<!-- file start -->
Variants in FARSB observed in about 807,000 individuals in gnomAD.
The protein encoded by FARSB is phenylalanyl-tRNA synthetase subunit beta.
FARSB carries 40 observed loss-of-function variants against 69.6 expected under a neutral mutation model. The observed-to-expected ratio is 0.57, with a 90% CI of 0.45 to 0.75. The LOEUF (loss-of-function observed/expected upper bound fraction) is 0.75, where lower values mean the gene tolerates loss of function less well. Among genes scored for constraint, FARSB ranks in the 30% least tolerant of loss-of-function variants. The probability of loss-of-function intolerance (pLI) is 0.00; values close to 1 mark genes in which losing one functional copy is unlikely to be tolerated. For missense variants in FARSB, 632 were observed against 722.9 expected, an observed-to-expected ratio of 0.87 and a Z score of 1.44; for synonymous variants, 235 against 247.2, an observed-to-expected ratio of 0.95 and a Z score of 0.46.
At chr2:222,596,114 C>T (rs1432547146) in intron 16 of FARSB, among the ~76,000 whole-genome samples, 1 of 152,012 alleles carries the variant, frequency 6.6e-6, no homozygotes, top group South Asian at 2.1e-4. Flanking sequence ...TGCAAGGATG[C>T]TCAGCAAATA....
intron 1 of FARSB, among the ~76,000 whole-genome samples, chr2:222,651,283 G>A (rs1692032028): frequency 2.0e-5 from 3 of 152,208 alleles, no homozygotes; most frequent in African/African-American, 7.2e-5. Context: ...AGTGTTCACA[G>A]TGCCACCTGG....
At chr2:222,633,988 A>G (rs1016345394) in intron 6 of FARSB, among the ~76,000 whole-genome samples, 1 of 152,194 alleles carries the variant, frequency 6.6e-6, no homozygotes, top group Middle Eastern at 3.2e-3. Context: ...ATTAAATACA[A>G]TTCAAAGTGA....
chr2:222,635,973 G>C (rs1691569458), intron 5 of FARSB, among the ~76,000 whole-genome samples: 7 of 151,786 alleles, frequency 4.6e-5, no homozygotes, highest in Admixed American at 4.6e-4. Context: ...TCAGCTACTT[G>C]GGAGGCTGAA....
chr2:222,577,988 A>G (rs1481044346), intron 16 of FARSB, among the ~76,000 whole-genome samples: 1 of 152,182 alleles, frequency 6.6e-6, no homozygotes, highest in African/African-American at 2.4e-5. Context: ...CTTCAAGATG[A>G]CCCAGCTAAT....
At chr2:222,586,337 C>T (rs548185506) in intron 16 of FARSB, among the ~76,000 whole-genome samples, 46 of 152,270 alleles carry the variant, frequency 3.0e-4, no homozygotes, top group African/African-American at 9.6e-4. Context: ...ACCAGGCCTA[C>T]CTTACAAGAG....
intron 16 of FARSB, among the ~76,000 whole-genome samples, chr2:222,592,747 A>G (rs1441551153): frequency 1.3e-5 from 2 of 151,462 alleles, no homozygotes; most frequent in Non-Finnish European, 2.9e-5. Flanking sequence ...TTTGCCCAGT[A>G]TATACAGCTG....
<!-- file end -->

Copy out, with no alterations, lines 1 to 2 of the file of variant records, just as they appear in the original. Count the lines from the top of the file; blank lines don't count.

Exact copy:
Variants in FARSB observed in about 807,000 individuals in gnomAD.
The protein encoded by FARSB is phenylalanyl-tRNA synthetase subunit beta.